Along with the interoperability advantage, the system brings other capabilities to deploying forces. Preconfigured packaging shortens communications setup time by allowing instant adaptability. “In the past, systems have required numerous modifications before they could be utilized in tandem with other devices,” the major explains. “With JECCS, there is no reconfiguring needed, so connection time is decreased significantly.” Operating via the global broadcast system (GBS), JECCS establishes communications using channels such as ultrahigh frequency tactical satellite and the defense message system to provide a variety of pathways.
Unlike many systems that require adapter units for compatibility with other equipment, JECCS is automatically functional with items such as laptop computers, TDN servers and various types of transmission receivers. A simultaneous connection with as many as three transmission systems can be established to provide long-haul satellite communications to deployed personnel. In addition, JECCS has multiple interface capabilities so that more than one system subscriber can transmit at any given time.
Standardization of equipment acquisition has been an ongoing focus of the Defense Department and the Marine Corps. A gradual shift from triservice-tactical to commercial off-the-shelf purchasing in an effort to maximize product availability and savings has been in process for some years now. In the past, the U.S. Navy and Marines have typically acquired systems as needed to counter current area deficiencies. Though sufficient in the short term, this individual parts purchasing often failed to accommodate longer-term planning in the arenas of depot support, extended system compatibility and personnel training.
“The fleet has been trying to move away from the ‘ad hoc’ kind of buying that it had become accustomed to,” Terry Conte, assistant program manager for switched systems, Marine Corps Systems Command, states. “In transitioning away from triservice-tactical to the commercial side, the military services have begun to streamline systems adaptability and training.”
JECCS exemplifies this streamlining because, as a smaller, more portable version of the DTC or the TDN, it can be used interchangeably with these systems and uniformly throughout the military. “Opening up access to the greater variety and versatility offered by premanufactured commercial off-the-shelf products, such as JECCS, to cut the cost and [avoid the] limited flexibility of most privately designed systems seems to be the overall objective,” Conte adds.
Within this interoperability architecture, the system extends the reach of many commonly used network services to the deployed warfighter. The defense switched network (DSN) is the military’s secure telephone connection that allows anyone with the proper code authentication to dial up a DSN-secure location. In tactical deployment situations, a version of the DSN called the defense red switched network can be used through JECCS to call back to a secure command center. “With JECCS, troops have the ability to take advantage of almost any normal telecommunications capability that they would have back at home command,” Conte points out.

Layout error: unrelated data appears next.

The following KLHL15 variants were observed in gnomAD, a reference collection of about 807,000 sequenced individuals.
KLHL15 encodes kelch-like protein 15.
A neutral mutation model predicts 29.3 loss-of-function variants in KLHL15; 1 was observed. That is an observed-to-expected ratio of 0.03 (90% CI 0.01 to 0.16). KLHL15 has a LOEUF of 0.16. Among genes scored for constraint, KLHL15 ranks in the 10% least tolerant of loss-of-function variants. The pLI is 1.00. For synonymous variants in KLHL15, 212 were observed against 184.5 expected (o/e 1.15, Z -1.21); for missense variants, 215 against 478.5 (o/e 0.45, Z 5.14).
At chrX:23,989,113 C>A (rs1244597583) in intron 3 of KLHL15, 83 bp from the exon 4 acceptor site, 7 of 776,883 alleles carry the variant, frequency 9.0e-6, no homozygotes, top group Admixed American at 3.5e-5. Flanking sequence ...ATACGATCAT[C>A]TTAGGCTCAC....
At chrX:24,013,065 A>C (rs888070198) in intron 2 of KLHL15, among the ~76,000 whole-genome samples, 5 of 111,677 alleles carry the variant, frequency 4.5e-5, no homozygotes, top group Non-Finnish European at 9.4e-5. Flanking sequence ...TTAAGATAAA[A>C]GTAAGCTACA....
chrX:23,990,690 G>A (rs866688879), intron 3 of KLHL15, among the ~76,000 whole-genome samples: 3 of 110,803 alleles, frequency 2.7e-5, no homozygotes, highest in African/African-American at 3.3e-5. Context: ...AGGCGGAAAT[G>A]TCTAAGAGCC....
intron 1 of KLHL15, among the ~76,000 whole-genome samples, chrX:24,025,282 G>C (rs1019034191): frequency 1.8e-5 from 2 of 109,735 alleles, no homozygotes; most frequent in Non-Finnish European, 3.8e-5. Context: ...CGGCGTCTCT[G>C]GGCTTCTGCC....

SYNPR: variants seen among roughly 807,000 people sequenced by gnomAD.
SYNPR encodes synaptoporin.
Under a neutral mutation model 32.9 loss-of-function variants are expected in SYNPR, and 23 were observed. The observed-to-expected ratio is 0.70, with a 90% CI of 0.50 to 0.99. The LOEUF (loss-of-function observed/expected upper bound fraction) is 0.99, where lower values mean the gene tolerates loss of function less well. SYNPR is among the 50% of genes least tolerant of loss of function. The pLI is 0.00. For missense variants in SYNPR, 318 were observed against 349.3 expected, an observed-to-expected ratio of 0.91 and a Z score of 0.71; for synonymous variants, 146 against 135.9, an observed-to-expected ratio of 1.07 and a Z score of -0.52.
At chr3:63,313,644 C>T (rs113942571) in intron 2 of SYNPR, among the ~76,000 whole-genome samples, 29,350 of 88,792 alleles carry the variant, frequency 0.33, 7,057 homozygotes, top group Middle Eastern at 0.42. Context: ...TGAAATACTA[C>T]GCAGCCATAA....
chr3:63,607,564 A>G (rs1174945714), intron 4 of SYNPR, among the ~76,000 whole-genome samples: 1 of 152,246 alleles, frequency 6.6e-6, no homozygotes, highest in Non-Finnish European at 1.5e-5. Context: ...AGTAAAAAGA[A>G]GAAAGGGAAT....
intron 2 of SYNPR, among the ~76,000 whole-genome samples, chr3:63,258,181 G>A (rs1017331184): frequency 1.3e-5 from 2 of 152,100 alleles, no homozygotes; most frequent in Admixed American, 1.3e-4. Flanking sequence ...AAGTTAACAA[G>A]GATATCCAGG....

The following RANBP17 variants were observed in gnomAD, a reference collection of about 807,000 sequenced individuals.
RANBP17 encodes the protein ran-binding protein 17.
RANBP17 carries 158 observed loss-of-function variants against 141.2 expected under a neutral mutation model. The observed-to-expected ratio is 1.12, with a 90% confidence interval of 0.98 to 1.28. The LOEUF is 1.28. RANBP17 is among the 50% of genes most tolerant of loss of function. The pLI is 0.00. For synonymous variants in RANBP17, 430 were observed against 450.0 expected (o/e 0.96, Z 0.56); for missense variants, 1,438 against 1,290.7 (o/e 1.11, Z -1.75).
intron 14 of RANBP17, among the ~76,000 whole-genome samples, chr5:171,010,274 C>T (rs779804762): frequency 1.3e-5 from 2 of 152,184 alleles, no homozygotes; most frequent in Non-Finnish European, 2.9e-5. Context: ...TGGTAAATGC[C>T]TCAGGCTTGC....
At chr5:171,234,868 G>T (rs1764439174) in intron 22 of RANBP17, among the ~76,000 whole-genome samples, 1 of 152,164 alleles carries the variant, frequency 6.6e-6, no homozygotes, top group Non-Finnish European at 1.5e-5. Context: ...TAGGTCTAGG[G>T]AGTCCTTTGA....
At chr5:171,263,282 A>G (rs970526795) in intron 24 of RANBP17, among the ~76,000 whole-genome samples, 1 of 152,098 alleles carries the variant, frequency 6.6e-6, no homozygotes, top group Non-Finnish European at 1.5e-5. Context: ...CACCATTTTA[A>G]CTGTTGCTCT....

JECCS also addresses the demand for increased global-ready communication systems in the form of joint operability within the GBS and the joint worldwide intelligence communications system (JWICS) network. JWICS is the military’s secure version of GBS and permits the transmission of top-secret data to designated command destinations only. As needed, JECCS harnesses the advantages of both to help deployed troops receive a comprehensive picture of operations on an international scale.
In tactical situations where the visual confirmation of a specific task force objective is essential, JECCS can be used to access the videoconference network to help fulfill demands in this area. “Secure video teleconferencing has not been easy to make happen over our existing systems,” Conte explains. “We have the network infrastructure to do things like simplify collaborative planning using video, but as an overlooked end system, our capabilities have not yet satisfied the requirement.”
As the advantages of Internet-based connectivity become more evident, so too has the need for more World Wide Web-interoperable systems in the tactical operations arena. JECCS offers access to various nonsecure commercial and secure tactical sites. “The demand for greater amounts of visual information to satisfy the requirement for tools such as virtual battlefield displays and comprehensive strategic reports has made visualization a vital command necessity,” Conte indicates.
JECCS performs other satellite-link and network-based functions that are fundamental to tactical support. Access to integrated services digital network capabilities allows subscribers to enhance voice resolution through the use of digital technology.
Tactical radio communications such as very high frequency line-of-sight and ultrahigh frequency line-of-sight satellite communications provide deployed units with a choice of contact options depending on target distance and physical terrain.
Final assessment of JECCS as a viable addition to Marine Corps operations currently is being conducted at Camp Lejeune, North Carolina, and Camp Pendleton, California. Two engineering design models completed initial evaluation testing in June. A decision about production of the first deployable prototype is expected shortly. “The system has been thoroughly tested from the contractors’ functional qualification test to the operational assessment,” Maj. Holt notes.